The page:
But according to some reports, the Tancitaro industry was up and running again by Dec. 3.
In mid-November, the U.S. Embassy Regional Security Office, in coordination with the U.S. Department of Agriculture’s Animal and Plant Health Inspection Service, decided to temporarily suspend avocado export activities in Tancitaro in order to ensure the safety of APHIS employees, said Workabeba Yigzaw, an APHIS spokeswoman.
“No APHIS employees were directly threatened, and the suspension of export activities is expected to be only temporary,” Yigzaw said Dec. 2.
According to a Dec. 4 statement from the trade group Avocados from Mexico, the suspension was expected to be short-lived and other regions were not affected and are expected to keep shipping.
“(On Dec. 3) harvesting resumed in Tancitaro, and USDA is working with local officials to bring full production back online as quickly as possible,” according to the statement. “We have been in touch with growers throughout Michoacán, and no other municipalities have been affected. Given the government support in these areas we anticipate no further shutdowns.”
The afternoon of Dec. 5, Yigzaw said APHIS inspectors had not resumed inspection activities in Tancitaro.
The USDA’s decision to temporarily ban imports from the town came amid reports that a group of Tancitaro’s residents killed members of the Knights Templar drug cartel in Tancitaro in November.
Several recent stories in the Mexican media have linked the Knights Templar to the Mexican avocado industry. The cartel is accused of extorting money from avocado growers, according to the stories.
USDA officials would not comment on whether the action was related to the drug trade.
On April 25, two packinghouses in Tancitaro burned down, but effects on shipments to the U.S. were not affected. Pharr, Texas-based Agroexport was the owner of one of the sheds.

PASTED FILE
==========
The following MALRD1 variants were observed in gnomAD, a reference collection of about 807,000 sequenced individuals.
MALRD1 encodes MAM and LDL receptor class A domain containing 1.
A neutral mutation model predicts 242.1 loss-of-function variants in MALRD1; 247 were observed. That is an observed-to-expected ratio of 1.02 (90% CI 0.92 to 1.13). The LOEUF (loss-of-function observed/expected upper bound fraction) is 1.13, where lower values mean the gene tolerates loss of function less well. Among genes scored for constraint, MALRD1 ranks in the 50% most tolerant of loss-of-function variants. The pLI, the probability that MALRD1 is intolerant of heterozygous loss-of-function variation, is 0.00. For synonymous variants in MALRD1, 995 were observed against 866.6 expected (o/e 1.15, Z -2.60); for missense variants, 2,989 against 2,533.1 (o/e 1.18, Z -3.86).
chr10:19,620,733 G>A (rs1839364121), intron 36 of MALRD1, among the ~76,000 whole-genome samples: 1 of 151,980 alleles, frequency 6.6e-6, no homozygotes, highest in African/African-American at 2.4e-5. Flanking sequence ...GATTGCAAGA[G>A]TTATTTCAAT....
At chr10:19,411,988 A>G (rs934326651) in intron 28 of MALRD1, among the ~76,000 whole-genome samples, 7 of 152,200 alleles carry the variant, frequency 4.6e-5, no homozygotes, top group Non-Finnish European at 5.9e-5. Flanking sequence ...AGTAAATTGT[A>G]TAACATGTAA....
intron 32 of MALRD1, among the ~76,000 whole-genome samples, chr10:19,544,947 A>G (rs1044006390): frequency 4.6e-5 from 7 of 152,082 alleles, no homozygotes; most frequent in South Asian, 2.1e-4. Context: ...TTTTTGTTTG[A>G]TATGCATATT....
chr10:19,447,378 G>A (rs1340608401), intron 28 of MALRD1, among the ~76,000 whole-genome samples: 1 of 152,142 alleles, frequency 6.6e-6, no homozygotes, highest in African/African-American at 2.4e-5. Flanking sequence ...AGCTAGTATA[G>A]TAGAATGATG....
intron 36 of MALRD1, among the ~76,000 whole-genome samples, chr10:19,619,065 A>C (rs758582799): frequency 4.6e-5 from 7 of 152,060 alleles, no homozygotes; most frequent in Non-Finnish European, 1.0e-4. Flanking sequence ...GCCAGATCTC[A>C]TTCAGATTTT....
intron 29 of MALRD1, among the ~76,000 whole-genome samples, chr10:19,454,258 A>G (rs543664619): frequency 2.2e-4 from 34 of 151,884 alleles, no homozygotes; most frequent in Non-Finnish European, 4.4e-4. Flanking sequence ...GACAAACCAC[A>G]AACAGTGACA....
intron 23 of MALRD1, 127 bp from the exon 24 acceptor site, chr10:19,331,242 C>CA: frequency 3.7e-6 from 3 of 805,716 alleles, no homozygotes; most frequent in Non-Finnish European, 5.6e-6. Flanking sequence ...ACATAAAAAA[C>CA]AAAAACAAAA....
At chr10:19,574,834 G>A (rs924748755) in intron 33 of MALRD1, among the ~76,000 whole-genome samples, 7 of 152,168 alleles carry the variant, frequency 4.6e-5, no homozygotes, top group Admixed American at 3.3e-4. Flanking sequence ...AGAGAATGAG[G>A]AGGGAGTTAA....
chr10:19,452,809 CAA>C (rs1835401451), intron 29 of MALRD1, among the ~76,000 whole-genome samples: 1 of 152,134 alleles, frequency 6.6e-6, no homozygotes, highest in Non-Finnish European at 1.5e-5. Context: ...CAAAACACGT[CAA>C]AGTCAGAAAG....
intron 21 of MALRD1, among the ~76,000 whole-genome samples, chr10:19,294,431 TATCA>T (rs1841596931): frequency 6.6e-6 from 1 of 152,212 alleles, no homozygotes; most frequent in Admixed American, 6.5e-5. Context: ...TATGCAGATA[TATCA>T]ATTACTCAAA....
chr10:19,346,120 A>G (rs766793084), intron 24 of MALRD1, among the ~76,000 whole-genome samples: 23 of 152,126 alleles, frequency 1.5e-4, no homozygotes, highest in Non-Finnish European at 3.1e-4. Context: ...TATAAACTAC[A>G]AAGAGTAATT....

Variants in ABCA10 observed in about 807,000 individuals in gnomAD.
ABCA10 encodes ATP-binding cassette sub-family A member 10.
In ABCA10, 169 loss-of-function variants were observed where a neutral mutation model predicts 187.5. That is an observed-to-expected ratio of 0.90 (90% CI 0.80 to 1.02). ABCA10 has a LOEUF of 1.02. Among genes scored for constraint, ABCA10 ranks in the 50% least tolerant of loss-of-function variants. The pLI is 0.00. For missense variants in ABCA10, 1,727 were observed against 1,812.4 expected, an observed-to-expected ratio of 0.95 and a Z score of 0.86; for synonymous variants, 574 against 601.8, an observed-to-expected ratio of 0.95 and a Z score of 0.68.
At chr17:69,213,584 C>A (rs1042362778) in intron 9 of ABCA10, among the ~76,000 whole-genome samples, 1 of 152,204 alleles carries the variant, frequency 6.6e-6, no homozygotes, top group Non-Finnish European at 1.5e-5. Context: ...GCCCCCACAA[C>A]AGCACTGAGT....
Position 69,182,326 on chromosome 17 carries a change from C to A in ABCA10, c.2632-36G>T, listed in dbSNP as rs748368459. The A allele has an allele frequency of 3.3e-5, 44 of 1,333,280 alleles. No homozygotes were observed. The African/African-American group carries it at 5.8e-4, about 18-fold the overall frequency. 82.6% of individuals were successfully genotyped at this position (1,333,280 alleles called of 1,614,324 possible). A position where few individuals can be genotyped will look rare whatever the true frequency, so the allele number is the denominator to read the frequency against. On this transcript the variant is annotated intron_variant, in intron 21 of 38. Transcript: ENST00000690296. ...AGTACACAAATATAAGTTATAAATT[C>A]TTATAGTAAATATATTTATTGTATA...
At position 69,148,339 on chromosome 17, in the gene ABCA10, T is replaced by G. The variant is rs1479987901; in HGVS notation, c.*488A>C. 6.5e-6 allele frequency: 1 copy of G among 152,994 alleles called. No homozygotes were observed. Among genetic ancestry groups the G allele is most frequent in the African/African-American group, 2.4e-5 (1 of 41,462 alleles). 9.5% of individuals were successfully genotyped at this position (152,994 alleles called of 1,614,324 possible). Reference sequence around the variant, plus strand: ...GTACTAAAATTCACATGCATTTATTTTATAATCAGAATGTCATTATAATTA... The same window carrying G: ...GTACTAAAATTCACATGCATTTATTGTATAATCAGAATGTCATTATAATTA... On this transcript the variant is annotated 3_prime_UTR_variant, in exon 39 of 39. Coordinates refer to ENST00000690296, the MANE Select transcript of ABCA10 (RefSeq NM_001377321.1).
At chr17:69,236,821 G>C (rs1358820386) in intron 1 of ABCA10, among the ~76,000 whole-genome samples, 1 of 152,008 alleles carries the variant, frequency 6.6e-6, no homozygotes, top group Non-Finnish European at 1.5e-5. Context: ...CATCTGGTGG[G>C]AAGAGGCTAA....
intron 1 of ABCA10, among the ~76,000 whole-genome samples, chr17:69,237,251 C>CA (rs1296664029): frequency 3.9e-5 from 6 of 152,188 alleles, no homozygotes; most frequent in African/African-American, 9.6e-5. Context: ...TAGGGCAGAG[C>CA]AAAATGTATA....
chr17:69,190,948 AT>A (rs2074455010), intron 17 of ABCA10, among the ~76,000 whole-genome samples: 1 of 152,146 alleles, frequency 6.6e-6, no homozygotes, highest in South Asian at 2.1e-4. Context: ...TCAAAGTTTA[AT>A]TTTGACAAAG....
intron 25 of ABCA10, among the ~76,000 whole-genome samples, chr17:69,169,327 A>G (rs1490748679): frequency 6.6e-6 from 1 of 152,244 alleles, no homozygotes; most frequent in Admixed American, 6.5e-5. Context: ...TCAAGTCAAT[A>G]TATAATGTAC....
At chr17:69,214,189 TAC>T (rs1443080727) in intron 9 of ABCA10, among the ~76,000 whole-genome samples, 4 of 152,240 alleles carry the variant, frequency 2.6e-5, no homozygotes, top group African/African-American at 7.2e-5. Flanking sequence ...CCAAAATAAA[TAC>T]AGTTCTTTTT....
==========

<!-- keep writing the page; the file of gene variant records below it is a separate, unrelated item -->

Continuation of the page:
In its statement, Avocados from Mexico officials said they did not know why USDA suspended shipments from Tancitaro, but the association recognizes the toll Mexico’s war on drugs has taken on avocado growers and many others in Mexico.
“We are all aware that the war on drugs in Mexico has affected life in Mexican cities as well as the rural areas that are home to growers of many crops and many industries,” according to the statement. “We certainly hope it can be resolved as soon as possible. Meanwhile, Mexico continues to be the world’s largest supplier of avocados year-round and exporters are able to source ample supplies from the other 20-plus USDA-approved municipalities in Michoacán to keep the market well supplied.”
Emiliano Escobedo, executive director of the Irvine, Calif.-based Hass Avocado Board, said that the latest stories in the media have “falsely portrayed” the cartels’ effects on the avocado industry.
Escobedo said he had “no way of confirming” whether growers are being extorted. He said many others have been affected by the drug trade for years, not just the avocado industry.
“I don’t think this is anything new,” he said. “The Mexican avocado industry, like many other industries and companies, has been the victim of widespread problems fueled by the war on drugs.”
The drug trade has created an “unsafe environment” for many avocado grower-shippers and packers, as it has for more millions of other Mexicans, Escobedo said.
Despite those problems, he said, the avocado industry continues to grow. Mexico is on tap to once again send record shipments to the U.S. this season, he said.
Shipments year-to-date through early December also have not been affected, Escobedo said.
Importers of Mexican avocados either did not return requests for comment or would not comment.